Newsportal - Ruhr-Universität Bochum
A total of 16 students from Germany and Finland worked with urban stakeholders and industry partners in the UNIC Summer School.© RUB, Marquard
Anni Niemelä (third from the left) and Arya Yaghoubi (second from the right) enjoyed their time at the Summer School.© RUB, Marquard
The Finnish view of Bochum
Five days were dedicated to the two cities of Oulu and Bochum. Under the title "Smart City Concepts in Oulu & Bochum: Solutions to Pressing Urban Challenges", the Faculty of Economics invited students from the UNIC partner university Oulu to Bochum for the first time. From 11 to 15 September 2023, the students discussed pressing urban challenges, such as climate change, and compared smart city concepts. Initiators of the Summer School were Prof. Dr. Michael Roos from the Chair of Macroeconomics at Ruhr University Bochum and Prof. Dr. Jaakko Simonen from the Oulu Business School at the University of Oulu. The project was set up in cooperation with the Smart City Innovation Unit Bochum.
Arya Yaghoubi has just started his master's degree in Information Processing Science at the University of Oulu; Anni Niemelä is about to graduate in Marketing. In the interview, the two talk about how the Summer School manages to go beyond theory and why riding a train in Finland is a very different experience than in Germany.
I found smart cities to be a very interesting topic, as it is currently very important for cities.
Why did you decide to participate in the Summer School?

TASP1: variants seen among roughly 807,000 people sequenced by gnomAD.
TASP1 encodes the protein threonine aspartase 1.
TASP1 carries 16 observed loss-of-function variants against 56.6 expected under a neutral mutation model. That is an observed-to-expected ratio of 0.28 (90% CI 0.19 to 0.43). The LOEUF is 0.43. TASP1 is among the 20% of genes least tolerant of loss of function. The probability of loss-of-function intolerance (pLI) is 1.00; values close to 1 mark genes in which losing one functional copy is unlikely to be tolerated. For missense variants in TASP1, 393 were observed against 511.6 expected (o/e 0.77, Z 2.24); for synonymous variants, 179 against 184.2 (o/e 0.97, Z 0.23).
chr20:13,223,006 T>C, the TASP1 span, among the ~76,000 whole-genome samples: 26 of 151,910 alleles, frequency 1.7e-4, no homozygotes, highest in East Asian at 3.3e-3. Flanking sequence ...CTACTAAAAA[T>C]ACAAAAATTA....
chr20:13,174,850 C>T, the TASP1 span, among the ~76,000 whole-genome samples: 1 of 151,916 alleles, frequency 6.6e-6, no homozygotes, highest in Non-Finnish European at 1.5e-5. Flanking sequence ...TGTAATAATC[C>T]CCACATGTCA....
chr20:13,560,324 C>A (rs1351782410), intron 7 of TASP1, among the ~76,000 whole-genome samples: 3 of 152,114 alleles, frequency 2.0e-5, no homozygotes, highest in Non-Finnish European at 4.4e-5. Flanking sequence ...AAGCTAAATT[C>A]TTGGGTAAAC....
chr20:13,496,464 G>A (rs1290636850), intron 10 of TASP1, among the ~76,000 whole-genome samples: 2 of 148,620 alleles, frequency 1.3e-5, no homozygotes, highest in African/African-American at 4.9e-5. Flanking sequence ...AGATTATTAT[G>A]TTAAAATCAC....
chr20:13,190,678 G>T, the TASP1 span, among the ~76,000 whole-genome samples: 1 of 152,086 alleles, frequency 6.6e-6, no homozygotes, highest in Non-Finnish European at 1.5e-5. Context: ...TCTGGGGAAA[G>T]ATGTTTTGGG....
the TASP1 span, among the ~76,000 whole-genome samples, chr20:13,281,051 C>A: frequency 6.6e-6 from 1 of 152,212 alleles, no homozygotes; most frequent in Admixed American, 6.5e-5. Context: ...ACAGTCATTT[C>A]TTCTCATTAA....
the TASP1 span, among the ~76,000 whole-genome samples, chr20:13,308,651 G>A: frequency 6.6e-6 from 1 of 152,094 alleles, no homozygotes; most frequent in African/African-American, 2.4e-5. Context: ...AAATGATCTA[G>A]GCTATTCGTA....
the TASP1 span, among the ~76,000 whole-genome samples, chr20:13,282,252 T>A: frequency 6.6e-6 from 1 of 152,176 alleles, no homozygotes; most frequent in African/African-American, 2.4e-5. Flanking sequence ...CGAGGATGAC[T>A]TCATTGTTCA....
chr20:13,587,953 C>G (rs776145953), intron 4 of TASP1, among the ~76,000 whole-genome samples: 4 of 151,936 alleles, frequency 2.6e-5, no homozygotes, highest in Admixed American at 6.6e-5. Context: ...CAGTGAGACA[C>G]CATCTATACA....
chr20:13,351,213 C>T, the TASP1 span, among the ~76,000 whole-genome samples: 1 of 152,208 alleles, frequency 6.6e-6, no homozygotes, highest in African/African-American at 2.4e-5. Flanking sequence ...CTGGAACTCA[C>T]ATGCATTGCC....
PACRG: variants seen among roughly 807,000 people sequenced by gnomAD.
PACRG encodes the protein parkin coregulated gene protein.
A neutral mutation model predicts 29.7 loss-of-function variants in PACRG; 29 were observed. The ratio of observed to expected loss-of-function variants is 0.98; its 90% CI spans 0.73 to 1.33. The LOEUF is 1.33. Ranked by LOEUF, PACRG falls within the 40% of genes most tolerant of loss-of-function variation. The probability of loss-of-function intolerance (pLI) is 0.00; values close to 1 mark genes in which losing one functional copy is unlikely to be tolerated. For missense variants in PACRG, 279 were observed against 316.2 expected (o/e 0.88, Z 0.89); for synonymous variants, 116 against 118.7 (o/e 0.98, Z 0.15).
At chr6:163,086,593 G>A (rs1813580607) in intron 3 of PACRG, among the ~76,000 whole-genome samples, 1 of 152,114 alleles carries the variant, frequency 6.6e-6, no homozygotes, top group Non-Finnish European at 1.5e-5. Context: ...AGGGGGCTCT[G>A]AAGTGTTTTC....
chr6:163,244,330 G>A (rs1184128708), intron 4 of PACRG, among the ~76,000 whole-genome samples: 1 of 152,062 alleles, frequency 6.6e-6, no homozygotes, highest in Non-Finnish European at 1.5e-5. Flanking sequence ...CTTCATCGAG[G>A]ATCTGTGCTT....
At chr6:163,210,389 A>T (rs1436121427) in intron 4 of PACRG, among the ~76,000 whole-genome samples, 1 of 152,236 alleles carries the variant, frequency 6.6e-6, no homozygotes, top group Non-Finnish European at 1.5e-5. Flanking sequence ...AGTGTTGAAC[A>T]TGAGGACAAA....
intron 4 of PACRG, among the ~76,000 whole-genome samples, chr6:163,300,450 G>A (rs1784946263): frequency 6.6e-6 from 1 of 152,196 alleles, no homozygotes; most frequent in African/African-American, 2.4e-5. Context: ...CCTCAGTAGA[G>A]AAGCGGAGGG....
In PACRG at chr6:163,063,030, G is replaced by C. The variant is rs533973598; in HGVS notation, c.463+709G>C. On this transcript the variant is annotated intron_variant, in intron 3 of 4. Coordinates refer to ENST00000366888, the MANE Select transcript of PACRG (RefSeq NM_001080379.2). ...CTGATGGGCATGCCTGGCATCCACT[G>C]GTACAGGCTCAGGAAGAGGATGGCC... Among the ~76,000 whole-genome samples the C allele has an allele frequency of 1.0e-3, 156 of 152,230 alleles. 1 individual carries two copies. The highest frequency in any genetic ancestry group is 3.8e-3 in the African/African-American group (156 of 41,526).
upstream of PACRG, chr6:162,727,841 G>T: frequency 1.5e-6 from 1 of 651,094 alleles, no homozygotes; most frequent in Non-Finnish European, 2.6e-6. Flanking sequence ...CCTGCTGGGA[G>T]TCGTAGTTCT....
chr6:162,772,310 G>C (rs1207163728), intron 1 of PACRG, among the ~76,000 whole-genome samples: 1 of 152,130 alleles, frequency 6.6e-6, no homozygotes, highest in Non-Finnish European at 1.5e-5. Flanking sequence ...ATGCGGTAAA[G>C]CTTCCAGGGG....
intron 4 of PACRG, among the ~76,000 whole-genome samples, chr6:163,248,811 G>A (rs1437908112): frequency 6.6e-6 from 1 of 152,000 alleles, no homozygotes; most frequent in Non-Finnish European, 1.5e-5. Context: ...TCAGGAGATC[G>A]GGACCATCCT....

Arya Yaghoubi: For me, the most interesting thing was that I got to travel to another university and another country for the UNIC Summer School. I love traveling and learning something new. Plus, I found smart cities to be a very interesting topic, as it is currently very important for cities.
Anni Niemelä: I really liked the interdisciplinary aspect, having different students from different majors. That was a big plus for me, even though I am a marketing major and museology minor. It was cool to have that diversity.
What exactly did you do at the Summer School?
Arya: We looked at the development of smart city concepts. In the process, we discussed how the cities of Oulu and Bochum are dealing with pressing challenges. We exchanged ideas with the other students and developed new ideas in groups to present to the city.
One of the biggest challenges for both cities is the demographic change of an aging population.
Do Bochum and Oulu face similar urban challenges?
Anni: Both cities have a very similar history. It was therefore very interesting to compare how things have developed in Oulu and in Bochum. One of the biggest challenges for both cities is the demographic change of an aging population. Not enough children are being born and the elderly population is growing. So, we have to find solutions on how to organize our health care and retirement. Another problem is the mismatch between qualifications and vacancies: there are many vacant apprenticeships that no one wants to apply for, for example in care. On the other hand, there are people with qualifications for whom there are no suitable vacancies.
Arya: Exactly, and I can say that climate change is one of the biggest challenges that both cities are dealing with. Both of them are working to address these problems and I know it takes a lot of time and costs a lot of money.